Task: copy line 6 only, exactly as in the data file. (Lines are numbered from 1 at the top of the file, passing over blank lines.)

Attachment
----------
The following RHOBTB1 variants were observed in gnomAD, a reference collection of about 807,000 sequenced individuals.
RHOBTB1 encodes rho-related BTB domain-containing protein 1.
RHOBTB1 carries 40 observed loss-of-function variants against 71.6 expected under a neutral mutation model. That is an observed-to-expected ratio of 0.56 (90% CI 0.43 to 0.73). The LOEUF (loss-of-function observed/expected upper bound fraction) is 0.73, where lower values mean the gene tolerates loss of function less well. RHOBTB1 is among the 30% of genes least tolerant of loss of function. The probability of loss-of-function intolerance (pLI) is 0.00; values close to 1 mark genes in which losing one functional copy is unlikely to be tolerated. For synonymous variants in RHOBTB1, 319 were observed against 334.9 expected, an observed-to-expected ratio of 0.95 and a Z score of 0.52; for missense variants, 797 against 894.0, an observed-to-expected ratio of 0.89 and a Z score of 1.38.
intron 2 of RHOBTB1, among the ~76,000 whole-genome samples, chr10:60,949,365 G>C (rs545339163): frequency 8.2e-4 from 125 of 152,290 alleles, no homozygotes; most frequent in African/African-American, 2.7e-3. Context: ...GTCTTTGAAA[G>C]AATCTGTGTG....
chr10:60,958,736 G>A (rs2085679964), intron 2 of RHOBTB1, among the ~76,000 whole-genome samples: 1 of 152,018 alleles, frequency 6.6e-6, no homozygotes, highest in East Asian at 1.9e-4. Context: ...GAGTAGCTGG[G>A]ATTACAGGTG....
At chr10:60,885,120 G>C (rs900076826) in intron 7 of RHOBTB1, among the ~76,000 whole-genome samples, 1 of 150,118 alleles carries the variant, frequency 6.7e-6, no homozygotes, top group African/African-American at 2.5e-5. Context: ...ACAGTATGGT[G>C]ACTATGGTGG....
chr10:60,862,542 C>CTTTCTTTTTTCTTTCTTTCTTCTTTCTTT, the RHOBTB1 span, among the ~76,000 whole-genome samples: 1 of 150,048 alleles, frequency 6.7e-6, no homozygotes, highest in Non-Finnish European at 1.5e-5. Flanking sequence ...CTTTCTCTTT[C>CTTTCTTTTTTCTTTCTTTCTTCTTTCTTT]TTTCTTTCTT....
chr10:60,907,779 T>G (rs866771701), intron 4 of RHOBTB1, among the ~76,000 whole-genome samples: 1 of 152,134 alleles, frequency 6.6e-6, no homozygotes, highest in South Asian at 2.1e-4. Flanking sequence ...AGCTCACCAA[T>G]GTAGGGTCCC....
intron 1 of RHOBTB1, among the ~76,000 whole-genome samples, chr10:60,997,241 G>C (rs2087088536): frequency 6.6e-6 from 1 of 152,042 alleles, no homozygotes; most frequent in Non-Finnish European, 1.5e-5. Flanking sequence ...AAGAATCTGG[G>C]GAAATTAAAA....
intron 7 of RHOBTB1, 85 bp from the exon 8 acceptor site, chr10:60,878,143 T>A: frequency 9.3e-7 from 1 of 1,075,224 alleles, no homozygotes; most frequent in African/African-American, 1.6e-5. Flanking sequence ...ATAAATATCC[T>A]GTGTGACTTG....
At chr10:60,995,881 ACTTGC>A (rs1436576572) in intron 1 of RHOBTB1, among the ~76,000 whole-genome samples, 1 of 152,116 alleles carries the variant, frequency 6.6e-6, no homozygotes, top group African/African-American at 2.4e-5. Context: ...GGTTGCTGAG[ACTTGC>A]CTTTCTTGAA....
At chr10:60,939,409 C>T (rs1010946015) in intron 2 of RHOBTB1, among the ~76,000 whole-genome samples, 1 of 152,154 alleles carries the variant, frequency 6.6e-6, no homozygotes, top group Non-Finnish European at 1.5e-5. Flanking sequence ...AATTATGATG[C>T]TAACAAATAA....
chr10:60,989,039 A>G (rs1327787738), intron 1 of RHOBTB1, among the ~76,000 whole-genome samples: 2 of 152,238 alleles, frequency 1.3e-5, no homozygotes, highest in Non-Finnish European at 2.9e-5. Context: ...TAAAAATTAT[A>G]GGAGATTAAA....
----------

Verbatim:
At chr10:60,885,120 G>C (rs900076826) in intron 7 of RHOBTB1, among the ~76,000 whole-genome samples, 1 of 150,118 alleles carries the variant, frequency 6.7e-6, no homozygotes, top group African/African-American at 2.5e-5. Context: ...ACAGTATGGT[G>C]ACTATGGTGG....